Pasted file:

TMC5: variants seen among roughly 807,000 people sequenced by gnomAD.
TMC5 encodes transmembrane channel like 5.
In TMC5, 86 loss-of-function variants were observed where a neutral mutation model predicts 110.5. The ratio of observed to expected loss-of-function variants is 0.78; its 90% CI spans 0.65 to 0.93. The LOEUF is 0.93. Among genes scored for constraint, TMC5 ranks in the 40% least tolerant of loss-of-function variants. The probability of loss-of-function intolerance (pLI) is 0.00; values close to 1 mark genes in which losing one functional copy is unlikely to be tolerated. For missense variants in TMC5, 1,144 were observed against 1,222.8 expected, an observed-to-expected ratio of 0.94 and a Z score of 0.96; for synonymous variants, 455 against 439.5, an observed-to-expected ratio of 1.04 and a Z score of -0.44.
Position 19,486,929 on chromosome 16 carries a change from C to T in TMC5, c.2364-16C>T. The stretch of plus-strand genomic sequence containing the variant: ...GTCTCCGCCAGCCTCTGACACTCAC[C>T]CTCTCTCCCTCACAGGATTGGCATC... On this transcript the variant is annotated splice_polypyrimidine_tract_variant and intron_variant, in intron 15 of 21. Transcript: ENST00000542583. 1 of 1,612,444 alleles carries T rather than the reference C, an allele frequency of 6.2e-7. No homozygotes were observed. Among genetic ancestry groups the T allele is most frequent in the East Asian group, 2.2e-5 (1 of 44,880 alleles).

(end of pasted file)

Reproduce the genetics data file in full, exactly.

TMC5: variants seen among roughly 807,000 people sequenced by gnomAD.
TMC5 encodes transmembrane channel like 5.
In TMC5, 86 loss-of-function variants were observed where a neutral mutation model predicts 110.5. The ratio of observed to expected loss-of-function variants is 0.78; its 90% CI spans 0.65 to 0.93. The LOEUF is 0.93. Among genes scored for constraint, TMC5 ranks in the 40% least tolerant of loss-of-function variants. The probability of loss-of-function intolerance (pLI) is 0.00; values close to 1 mark genes in which losing one functional copy is unlikely to be tolerated. For missense variants in TMC5, 1,144 were observed against 1,222.8 expected, an observed-to-expected ratio of 0.94 and a Z score of 0.96; for synonymous variants, 455 against 439.5, an observed-to-expected ratio of 1.04 and a Z score of -0.44.
Position 19,486,929 on chromosome 16 carries a change from C to T in TMC5, c.2364-16C>T. The stretch of plus-strand genomic sequence containing the variant: ...GTCTCCGCCAGCCTCTGACACTCAC[C>T]CTCTCTCCCTCACAGGATTGGCATC... On this transcript the variant is annotated splice_polypyrimidine_tract_variant and intron_variant, in intron 15 of 21. Transcript: ENST00000542583. 1 of 1,612,444 alleles carries T rather than the reference C, an allele frequency of 6.2e-7. No homozygotes were observed. Among genetic ancestry groups the T allele is most frequent in the East Asian group, 2.2e-5 (1 of 44,880 alleles).